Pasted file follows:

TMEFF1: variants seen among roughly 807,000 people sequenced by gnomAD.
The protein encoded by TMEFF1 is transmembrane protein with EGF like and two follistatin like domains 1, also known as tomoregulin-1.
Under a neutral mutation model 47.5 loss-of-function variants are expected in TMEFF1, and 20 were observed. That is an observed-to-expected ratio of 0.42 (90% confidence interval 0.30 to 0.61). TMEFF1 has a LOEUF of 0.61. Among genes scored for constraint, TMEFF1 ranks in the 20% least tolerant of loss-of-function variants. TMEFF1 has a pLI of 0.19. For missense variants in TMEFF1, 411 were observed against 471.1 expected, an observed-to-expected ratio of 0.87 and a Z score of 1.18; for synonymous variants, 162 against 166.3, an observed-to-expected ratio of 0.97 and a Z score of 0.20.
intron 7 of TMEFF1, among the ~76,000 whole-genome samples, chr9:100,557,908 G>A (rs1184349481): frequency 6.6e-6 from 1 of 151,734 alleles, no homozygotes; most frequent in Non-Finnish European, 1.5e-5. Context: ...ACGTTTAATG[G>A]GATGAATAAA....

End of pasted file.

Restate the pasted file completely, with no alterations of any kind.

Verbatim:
TMEFF1: variants seen among roughly 807,000 people sequenced by gnomAD.
The protein encoded by TMEFF1 is transmembrane protein with EGF like and two follistatin like domains 1, also known as tomoregulin-1.
Under a neutral mutation model 47.5 loss-of-function variants are expected in TMEFF1, and 20 were observed. That is an observed-to-expected ratio of 0.42 (90% confidence interval 0.30 to 0.61). TMEFF1 has a LOEUF of 0.61. Among genes scored for constraint, TMEFF1 ranks in the 20% least tolerant of loss-of-function variants. TMEFF1 has a pLI of 0.19. For missense variants in TMEFF1, 411 were observed against 471.1 expected, an observed-to-expected ratio of 0.87 and a Z score of 1.18; for synonymous variants, 162 against 166.3, an observed-to-expected ratio of 0.97 and a Z score of 0.20.
intron 7 of TMEFF1, among the ~76,000 whole-genome samples, chr9:100,557,908 G>A (rs1184349481): frequency 6.6e-6 from 1 of 151,734 alleles, no homozygotes; most frequent in Non-Finnish European, 1.5e-5. Context: ...ACGTTTAATG[G>A]GATGAATAAA....